Business Management Undergraduate Certificate
In today’s changing business environment, individuals frequently find they need to update or obtain new skills in specific business areas. To this end, the Department of Administrative Sciences offers an Undergraduate Certificate in Business Management.
Students who complete the Undergraduate Certificate in Business Management will be able to demonstrate:
- Proficiency in the basics of business practices.
- A knowledge-base that prepares them for graduate business work in the future.
(Four courses/16 credits)
MET MG 472 Financial Concepts
Emphasizes issues of accounting, finance, and economics that are important in most management contexts. Introduction to tools of financial analysis and the problems of financial management including cash, profitability, and capital budgeting. Various sources of corporate funds are considered - short-, intermediate-, and long-term arrangements Stresses understanding financial statements, planning and control, cost and benefit evaluation, cash flow analysis, and capital budgeting. [ 4 cr. ]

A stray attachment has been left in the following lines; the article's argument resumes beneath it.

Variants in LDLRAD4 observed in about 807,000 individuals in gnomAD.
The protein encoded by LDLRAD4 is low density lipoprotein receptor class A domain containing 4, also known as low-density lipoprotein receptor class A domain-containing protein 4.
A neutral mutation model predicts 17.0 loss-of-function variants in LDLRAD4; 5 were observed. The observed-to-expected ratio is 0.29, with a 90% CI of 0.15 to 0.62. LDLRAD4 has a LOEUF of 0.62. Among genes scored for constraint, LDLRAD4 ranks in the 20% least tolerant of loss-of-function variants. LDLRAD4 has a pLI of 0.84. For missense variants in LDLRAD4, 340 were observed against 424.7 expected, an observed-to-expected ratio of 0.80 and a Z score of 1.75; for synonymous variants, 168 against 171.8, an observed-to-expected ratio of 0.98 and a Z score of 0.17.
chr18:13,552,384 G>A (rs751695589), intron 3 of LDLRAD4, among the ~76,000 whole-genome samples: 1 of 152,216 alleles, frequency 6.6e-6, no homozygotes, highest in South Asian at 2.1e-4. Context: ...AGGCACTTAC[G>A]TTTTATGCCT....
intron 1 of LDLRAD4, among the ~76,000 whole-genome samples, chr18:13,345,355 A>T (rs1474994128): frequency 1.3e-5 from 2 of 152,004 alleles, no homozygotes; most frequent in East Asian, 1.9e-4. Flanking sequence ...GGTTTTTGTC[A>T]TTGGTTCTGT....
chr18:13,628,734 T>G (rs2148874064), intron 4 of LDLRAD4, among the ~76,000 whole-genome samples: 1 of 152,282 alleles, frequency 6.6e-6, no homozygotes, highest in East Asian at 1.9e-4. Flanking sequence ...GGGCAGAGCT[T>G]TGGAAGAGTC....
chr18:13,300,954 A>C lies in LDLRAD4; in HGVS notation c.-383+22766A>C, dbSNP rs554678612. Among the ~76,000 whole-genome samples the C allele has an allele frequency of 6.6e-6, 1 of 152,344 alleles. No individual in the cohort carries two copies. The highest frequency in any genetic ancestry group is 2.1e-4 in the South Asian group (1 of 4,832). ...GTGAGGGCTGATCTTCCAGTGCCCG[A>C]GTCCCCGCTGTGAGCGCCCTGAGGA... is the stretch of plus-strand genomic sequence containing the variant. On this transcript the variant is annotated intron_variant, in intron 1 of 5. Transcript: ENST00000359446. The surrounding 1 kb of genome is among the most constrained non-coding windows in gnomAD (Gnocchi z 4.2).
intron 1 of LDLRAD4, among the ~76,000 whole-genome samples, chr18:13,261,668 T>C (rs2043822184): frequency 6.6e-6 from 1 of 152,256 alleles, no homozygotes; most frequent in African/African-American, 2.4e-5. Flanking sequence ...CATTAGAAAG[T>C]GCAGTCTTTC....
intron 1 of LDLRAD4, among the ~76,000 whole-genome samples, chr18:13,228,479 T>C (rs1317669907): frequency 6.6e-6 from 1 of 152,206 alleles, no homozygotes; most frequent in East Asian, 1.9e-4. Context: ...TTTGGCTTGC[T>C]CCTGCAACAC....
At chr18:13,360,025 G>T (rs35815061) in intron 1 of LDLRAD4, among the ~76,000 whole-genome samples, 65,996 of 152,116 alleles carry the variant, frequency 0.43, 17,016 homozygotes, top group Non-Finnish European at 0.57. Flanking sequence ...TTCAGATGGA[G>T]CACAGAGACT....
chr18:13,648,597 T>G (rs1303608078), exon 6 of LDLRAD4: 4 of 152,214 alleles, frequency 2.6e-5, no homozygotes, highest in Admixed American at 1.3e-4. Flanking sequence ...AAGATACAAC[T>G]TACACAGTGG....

|A1||IND||Chambers||SHA 210||M||6:00 pm – 9:00 pm|
|A2||IND||Chambers||SHA 201||M||11:00 am – 2:00 pm|
MET MG 503 Business in a Changing Society
An examination of the management process and the social environment in which organizations operate, including a discussion of the manager's responsibilities to employees, customers, stockholders, and society. [ 4 cr. ]
|C1||IND||Halfond||SMG 220||W||6:00 pm – 9:00 pm|
MET MG 520 International Business Management
Environmental, economic, political, and social constraints on doing business abroad. Examines the effects of overseas business investments on domestic and foreign economics; foreign market analysis and operational strategy of a firm; and development potential of international operations. [ 4 cr. ]
|D1||IND||Brodersen||CAS 233||R||6:00 pm – 9:00 pm|
Plus one course, selected with advisor approval, which serves to enhance the student’s understanding of the business environment.
View all Management Studies undergraduate courses.